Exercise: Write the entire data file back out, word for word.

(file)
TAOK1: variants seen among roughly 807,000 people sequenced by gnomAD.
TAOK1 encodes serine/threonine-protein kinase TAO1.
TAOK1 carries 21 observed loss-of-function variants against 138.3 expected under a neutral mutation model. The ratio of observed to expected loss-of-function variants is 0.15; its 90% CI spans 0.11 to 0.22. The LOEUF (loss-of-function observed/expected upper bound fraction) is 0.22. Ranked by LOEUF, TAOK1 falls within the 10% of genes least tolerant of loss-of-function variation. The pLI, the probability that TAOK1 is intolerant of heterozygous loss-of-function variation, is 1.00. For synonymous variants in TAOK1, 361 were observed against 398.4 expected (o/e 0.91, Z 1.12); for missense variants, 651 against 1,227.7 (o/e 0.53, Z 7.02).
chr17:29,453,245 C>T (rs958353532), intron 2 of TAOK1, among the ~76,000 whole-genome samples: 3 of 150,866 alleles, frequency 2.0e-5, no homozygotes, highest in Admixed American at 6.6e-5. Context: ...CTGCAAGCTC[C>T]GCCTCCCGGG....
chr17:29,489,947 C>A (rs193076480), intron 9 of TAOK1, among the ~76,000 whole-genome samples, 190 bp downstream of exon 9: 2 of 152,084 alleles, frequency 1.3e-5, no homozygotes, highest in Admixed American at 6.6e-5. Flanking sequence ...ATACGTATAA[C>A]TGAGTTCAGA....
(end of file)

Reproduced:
TAOK1: variants seen among roughly 807,000 people sequenced by gnomAD.
TAOK1 encodes serine/threonine-protein kinase TAO1.
TAOK1 carries 21 observed loss-of-function variants against 138.3 expected under a neutral mutation model. The ratio of observed to expected loss-of-function variants is 0.15; its 90% CI spans 0.11 to 0.22. The LOEUF (loss-of-function observed/expected upper bound fraction) is 0.22. Ranked by LOEUF, TAOK1 falls within the 10% of genes least tolerant of loss-of-function variation. The pLI, the probability that TAOK1 is intolerant of heterozygous loss-of-function variation, is 1.00. For synonymous variants in TAOK1, 361 were observed against 398.4 expected (o/e 0.91, Z 1.12); for missense variants, 651 against 1,227.7 (o/e 0.53, Z 7.02).
chr17:29,453,245 C>T (rs958353532), intron 2 of TAOK1, among the ~76,000 whole-genome samples: 3 of 150,866 alleles, frequency 2.0e-5, no homozygotes, highest in Admixed American at 6.6e-5. Context: ...CTGCAAGCTC[C>T]GCCTCCCGGG....
chr17:29,489,947 C>A (rs193076480), intron 9 of TAOK1, among the ~76,000 whole-genome samples, 190 bp downstream of exon 9: 2 of 152,084 alleles, frequency 1.3e-5, no homozygotes, highest in Admixed American at 6.6e-5. Flanking sequence ...ATACGTATAA[C>A]TGAGTTCAGA....